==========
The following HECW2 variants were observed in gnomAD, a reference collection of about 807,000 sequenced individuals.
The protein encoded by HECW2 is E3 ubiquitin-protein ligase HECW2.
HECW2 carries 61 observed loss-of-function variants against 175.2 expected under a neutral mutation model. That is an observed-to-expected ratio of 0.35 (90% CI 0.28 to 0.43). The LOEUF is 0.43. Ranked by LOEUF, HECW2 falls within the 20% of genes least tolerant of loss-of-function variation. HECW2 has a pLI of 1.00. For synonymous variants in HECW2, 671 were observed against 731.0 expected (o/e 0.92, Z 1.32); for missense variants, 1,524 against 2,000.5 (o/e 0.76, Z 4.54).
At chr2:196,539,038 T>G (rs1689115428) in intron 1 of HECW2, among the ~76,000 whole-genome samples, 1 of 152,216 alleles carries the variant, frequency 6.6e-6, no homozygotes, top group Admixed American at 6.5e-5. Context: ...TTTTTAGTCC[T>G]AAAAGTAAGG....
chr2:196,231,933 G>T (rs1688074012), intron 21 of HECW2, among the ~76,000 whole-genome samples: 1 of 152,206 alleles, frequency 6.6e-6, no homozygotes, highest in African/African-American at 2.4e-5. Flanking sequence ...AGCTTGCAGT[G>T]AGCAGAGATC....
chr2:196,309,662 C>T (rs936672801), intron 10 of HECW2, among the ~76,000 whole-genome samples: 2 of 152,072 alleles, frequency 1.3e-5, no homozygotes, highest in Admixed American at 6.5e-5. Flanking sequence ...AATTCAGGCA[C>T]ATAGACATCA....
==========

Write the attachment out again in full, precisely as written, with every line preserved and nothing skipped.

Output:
The following HECW2 variants were observed in gnomAD, a reference collection of about 807,000 sequenced individuals.
The protein encoded by HECW2 is E3 ubiquitin-protein ligase HECW2.
HECW2 carries 61 observed loss-of-function variants against 175.2 expected under a neutral mutation model. That is an observed-to-expected ratio of 0.35 (90% CI 0.28 to 0.43). The LOEUF is 0.43. Ranked by LOEUF, HECW2 falls within the 20% of genes least tolerant of loss-of-function variation. HECW2 has a pLI of 1.00. For synonymous variants in HECW2, 671 were observed against 731.0 expected (o/e 0.92, Z 1.32); for missense variants, 1,524 against 2,000.5 (o/e 0.76, Z 4.54).
At chr2:196,539,038 T>G (rs1689115428) in intron 1 of HECW2, among the ~76,000 whole-genome samples, 1 of 152,216 alleles carries the variant, frequency 6.6e-6, no homozygotes, top group Admixed American at 6.5e-5. Context: ...TTTTTAGTCC[T>G]AAAAGTAAGG....
chr2:196,231,933 G>T (rs1688074012), intron 21 of HECW2, among the ~76,000 whole-genome samples: 1 of 152,206 alleles, frequency 6.6e-6, no homozygotes, highest in African/African-American at 2.4e-5. Flanking sequence ...AGCTTGCAGT[G>T]AGCAGAGATC....
chr2:196,309,662 C>T (rs936672801), intron 10 of HECW2, among the ~76,000 whole-genome samples: 2 of 152,072 alleles, frequency 1.3e-5, no homozygotes, highest in Admixed American at 6.5e-5. Flanking sequence ...AATTCAGGCA[C>T]ATAGACATCA....